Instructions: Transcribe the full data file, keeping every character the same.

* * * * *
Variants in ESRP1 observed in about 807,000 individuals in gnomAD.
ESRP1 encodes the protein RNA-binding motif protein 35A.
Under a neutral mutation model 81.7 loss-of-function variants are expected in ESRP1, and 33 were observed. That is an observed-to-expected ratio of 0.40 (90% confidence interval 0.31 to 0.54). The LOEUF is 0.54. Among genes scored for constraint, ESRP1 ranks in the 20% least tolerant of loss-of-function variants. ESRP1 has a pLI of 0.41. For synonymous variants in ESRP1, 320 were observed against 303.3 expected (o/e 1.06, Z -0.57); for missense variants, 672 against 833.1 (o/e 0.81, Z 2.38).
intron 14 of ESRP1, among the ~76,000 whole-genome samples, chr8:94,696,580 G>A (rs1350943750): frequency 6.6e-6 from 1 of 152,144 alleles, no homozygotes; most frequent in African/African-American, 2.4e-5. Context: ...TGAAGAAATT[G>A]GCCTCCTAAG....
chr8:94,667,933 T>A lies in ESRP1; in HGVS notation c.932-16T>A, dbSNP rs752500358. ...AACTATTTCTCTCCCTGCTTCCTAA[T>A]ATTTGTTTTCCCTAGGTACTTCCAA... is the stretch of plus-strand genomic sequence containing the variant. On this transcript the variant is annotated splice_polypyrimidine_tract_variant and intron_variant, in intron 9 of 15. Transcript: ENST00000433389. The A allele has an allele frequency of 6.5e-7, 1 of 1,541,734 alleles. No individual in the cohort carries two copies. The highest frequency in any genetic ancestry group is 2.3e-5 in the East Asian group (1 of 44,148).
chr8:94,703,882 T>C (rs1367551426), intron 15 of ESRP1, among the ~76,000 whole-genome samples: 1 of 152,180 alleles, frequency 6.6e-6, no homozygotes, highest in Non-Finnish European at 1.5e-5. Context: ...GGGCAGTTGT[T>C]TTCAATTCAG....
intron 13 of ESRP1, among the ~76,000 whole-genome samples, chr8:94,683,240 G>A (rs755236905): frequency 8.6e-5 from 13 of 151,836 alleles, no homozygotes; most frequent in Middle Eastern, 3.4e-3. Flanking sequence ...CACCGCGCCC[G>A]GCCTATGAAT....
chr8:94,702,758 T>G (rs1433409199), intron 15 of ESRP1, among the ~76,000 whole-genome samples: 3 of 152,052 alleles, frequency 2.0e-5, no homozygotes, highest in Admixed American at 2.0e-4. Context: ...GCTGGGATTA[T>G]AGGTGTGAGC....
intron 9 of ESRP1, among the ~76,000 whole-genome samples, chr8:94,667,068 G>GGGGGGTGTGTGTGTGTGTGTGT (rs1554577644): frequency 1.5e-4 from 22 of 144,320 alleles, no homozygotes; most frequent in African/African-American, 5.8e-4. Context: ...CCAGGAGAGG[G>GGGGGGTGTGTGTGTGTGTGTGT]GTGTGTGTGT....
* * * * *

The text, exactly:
Variants in ESRP1 observed in about 807,000 individuals in gnomAD.
ESRP1 encodes the protein RNA-binding motif protein 35A.
Under a neutral mutation model 81.7 loss-of-function variants are expected in ESRP1, and 33 were observed. That is an observed-to-expected ratio of 0.40 (90% confidence interval 0.31 to 0.54). The LOEUF is 0.54. Among genes scored for constraint, ESRP1 ranks in the 20% least tolerant of loss-of-function variants. ESRP1 has a pLI of 0.41. For synonymous variants in ESRP1, 320 were observed against 303.3 expected (o/e 1.06, Z -0.57); for missense variants, 672 against 833.1 (o/e 0.81, Z 2.38).
intron 14 of ESRP1, among the ~76,000 whole-genome samples, chr8:94,696,580 G>A (rs1350943750): frequency 6.6e-6 from 1 of 152,144 alleles, no homozygotes; most frequent in African/African-American, 2.4e-5. Context: ...TGAAGAAATT[G>A]GCCTCCTAAG....
chr8:94,667,933 T>A lies in ESRP1; in HGVS notation c.932-16T>A, dbSNP rs752500358. ...AACTATTTCTCTCCCTGCTTCCTAA[T>A]ATTTGTTTTCCCTAGGTACTTCCAA... is the stretch of plus-strand genomic sequence containing the variant. On this transcript the variant is annotated splice_polypyrimidine_tract_variant and intron_variant, in intron 9 of 15. Transcript: ENST00000433389. The A allele has an allele frequency of 6.5e-7, 1 of 1,541,734 alleles. No individual in the cohort carries two copies. The highest frequency in any genetic ancestry group is 2.3e-5 in the East Asian group (1 of 44,148).
chr8:94,703,882 T>C (rs1367551426), intron 15 of ESRP1, among the ~76,000 whole-genome samples: 1 of 152,180 alleles, frequency 6.6e-6, no homozygotes, highest in Non-Finnish European at 1.5e-5. Context: ...GGGCAGTTGT[T>C]TTCAATTCAG....
intron 13 of ESRP1, among the ~76,000 whole-genome samples, chr8:94,683,240 G>A (rs755236905): frequency 8.6e-5 from 13 of 151,836 alleles, no homozygotes; most frequent in Middle Eastern, 3.4e-3. Flanking sequence ...CACCGCGCCC[G>A]GCCTATGAAT....
chr8:94,702,758 T>G (rs1433409199), intron 15 of ESRP1, among the ~76,000 whole-genome samples: 3 of 152,052 alleles, frequency 2.0e-5, no homozygotes, highest in Admixed American at 2.0e-4. Context: ...GCTGGGATTA[T>G]AGGTGTGAGC....
intron 9 of ESRP1, among the ~76,000 whole-genome samples, chr8:94,667,068 G>GGGGGGTGTGTGTGTGTGTGTGT (rs1554577644): frequency 1.5e-4 from 22 of 144,320 alleles, no homozygotes; most frequent in African/African-American, 5.8e-4. Context: ...CCAGGAGAGG[G>GGGGGGTGTGTGTGTGTGTGTGT]GTGTGTGTGT....